For years, federal criminal defendants have been forced to give up their right to appeal in order to accept a federal deal. Prosecutors have lately been pushing for waivers of 2255 (post-conviction motions) as well. There has been huge push back. In October, the National Association of Criminal Defense Attorneys issued an ethics opinion condemning this practice. The ethics opinion is a wealth of resources and a great place to start the research on the subject.
Michigan needs to follow the lead of states like Florida and recognize the title “appellate specialist.” Until they do, individuals who devote their career to appeals are going to need to turn to third-party organizations to obtain objective proof of their skills. When this happens, the attorney is effectively buying a law suit or a disciplinary proceeding over what is effectively commercial free speech.
One of the most frequent calls I get is from family members who think they are sounding reasonable and saying “all I want is a time cut.” I understand that one of the things the family is trying to say is that they not contesting guilt. The problem is that Michigan has limited options for sentencing reductions. I wish it was that easy. The full blog article is my long response.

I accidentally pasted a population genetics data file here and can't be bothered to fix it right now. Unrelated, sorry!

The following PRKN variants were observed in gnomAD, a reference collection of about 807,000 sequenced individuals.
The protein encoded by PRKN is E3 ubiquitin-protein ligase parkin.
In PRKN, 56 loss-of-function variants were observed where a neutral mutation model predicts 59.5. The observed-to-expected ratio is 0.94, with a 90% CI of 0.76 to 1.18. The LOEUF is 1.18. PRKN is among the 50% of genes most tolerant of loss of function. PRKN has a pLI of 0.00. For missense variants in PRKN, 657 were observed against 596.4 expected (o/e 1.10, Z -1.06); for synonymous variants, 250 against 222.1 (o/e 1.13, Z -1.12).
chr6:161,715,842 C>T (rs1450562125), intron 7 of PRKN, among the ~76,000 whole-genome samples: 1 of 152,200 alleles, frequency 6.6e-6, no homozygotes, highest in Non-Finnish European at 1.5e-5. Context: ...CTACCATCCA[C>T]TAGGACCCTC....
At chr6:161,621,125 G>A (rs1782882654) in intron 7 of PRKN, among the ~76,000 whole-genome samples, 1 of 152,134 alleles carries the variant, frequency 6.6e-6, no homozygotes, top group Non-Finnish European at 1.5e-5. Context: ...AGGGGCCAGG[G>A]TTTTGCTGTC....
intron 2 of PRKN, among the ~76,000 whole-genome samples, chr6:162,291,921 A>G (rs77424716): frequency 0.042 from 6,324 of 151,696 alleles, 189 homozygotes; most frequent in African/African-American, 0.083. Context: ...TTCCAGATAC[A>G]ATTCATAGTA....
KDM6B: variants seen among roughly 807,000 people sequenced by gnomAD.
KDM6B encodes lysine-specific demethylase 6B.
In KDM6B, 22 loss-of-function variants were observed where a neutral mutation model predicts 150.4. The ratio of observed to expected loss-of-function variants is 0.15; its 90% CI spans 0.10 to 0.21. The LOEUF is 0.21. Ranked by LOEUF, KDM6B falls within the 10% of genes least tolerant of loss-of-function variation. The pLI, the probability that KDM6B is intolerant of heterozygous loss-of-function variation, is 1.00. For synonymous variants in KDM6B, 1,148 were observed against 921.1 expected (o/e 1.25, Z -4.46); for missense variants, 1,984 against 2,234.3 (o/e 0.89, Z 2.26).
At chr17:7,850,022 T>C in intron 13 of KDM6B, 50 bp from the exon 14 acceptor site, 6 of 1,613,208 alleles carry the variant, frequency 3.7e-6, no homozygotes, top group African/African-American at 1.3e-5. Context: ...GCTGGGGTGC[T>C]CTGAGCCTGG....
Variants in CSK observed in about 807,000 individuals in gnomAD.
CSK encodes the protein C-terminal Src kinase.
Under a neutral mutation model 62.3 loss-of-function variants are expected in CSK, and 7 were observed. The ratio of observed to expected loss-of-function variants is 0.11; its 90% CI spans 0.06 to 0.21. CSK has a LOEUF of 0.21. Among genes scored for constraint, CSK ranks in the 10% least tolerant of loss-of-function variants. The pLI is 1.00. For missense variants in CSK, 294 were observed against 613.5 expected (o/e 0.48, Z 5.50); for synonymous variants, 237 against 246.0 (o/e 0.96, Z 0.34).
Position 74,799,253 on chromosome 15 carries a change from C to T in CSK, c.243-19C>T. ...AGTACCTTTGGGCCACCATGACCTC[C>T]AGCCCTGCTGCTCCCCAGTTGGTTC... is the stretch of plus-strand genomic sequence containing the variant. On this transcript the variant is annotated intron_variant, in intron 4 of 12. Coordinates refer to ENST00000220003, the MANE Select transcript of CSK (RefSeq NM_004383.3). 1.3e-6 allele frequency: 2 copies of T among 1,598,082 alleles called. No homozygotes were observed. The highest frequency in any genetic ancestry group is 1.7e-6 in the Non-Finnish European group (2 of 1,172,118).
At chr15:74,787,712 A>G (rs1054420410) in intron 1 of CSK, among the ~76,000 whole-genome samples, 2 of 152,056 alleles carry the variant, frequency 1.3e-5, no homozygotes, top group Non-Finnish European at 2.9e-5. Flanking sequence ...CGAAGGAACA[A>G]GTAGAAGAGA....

Virginia Bar Says that Prosecutor Cannot Demand Waiver of IAC or Post-Conviction Challenges as a Condition of a Plea Agreement
The Virginia State Bar recently issued a Legal Ethics Opinion (LEO 1857) that addresses these issues by declaring it unethical for a defense attorney to recommend these provisions, and made it unethical for a prosecutor to require waivers of post-conviction challenges (e.g. 6.500 motions) or waivers of ineffective assistance of counsel challenges as a condition of a plea agreement.